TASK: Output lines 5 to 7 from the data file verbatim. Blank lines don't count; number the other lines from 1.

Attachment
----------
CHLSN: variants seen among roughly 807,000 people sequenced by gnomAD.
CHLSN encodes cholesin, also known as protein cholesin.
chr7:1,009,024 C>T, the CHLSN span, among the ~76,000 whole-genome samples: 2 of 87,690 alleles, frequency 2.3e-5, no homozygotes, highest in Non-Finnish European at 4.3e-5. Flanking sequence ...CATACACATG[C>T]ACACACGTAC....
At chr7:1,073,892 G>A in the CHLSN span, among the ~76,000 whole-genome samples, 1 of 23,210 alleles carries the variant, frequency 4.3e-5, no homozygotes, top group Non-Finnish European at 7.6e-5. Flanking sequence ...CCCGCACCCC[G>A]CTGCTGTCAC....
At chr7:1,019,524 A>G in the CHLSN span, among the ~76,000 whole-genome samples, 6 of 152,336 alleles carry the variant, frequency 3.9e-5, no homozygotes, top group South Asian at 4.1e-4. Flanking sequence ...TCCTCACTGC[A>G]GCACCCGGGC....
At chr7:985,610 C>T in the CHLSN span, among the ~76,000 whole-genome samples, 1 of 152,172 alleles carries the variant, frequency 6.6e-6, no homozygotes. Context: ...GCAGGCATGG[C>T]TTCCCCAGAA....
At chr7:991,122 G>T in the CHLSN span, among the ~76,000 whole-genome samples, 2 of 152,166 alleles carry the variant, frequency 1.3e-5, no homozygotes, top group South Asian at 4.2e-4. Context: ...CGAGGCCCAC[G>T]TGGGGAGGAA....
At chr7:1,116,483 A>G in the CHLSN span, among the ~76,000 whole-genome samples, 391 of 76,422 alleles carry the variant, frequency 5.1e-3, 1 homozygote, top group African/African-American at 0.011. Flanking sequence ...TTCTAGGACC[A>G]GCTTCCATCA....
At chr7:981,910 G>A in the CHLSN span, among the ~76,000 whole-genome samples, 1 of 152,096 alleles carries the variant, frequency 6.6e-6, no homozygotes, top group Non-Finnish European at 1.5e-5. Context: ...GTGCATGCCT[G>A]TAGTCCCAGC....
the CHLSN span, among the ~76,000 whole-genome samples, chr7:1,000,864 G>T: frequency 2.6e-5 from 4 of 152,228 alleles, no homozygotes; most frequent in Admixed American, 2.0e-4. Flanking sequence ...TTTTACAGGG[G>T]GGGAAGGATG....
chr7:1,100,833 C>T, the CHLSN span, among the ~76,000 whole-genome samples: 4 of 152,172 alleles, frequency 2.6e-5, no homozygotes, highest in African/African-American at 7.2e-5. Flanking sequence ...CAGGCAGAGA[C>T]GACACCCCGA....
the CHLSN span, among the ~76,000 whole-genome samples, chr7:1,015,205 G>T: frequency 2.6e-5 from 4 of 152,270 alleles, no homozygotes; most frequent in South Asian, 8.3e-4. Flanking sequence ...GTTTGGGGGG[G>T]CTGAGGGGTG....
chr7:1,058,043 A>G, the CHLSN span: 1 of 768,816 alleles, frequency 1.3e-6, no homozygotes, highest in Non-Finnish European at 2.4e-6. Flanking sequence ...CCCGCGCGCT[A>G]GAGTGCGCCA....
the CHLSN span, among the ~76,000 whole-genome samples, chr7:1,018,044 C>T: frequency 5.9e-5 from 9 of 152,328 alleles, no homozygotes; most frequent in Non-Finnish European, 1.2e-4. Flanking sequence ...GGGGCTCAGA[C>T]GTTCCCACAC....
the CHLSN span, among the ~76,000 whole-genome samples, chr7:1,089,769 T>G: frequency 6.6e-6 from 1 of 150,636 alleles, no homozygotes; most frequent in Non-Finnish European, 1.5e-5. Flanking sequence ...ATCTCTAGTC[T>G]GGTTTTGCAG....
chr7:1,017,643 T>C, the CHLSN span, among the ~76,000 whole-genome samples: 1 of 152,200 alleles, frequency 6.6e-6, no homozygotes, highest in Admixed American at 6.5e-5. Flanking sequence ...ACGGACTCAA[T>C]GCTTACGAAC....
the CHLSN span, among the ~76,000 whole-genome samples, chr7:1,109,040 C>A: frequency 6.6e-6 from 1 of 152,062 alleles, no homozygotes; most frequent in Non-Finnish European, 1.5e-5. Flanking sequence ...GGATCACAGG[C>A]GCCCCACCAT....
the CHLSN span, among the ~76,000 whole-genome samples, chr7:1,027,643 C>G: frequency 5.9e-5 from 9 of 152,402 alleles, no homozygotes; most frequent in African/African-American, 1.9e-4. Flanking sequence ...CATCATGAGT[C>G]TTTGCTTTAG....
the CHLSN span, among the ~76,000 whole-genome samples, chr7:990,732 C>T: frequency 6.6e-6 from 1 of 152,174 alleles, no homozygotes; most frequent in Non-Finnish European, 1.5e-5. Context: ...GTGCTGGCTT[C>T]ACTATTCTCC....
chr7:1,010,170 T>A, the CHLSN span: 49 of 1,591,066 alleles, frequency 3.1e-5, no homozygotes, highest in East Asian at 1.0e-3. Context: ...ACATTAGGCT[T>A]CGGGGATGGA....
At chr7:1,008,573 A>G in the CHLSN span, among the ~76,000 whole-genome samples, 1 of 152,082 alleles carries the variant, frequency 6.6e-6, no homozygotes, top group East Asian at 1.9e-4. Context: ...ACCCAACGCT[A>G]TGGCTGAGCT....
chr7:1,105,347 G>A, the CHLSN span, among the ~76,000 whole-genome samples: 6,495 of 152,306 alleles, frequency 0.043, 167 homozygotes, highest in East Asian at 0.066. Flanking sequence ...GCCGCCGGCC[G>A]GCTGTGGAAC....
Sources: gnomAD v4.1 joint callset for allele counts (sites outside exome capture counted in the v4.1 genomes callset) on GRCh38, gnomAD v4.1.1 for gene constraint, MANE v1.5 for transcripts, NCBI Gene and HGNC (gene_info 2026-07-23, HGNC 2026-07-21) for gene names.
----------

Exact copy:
At chr7:1,019,524 A>G in the CHLSN span, among the ~76,000 whole-genome samples, 6 of 152,336 alleles carry the variant, frequency 3.9e-5, no homozygotes, top group South Asian at 4.1e-4. Flanking sequence ...TCCTCACTGC[A>G]GCACCCGGGC....
At chr7:985,610 C>T in the CHLSN span, among the ~76,000 whole-genome samples, 1 of 152,172 alleles carries the variant, frequency 6.6e-6, no homozygotes. Context: ...GCAGGCATGG[C>T]TTCCCCAGAA....
At chr7:991,122 G>T in the CHLSN span, among the ~76,000 whole-genome samples, 2 of 152,166 alleles carry the variant, frequency 1.3e-5, no homozygotes, top group South Asian at 4.2e-4. Context: ...CGAGGCCCAC[G>T]TGGGGAGGAA....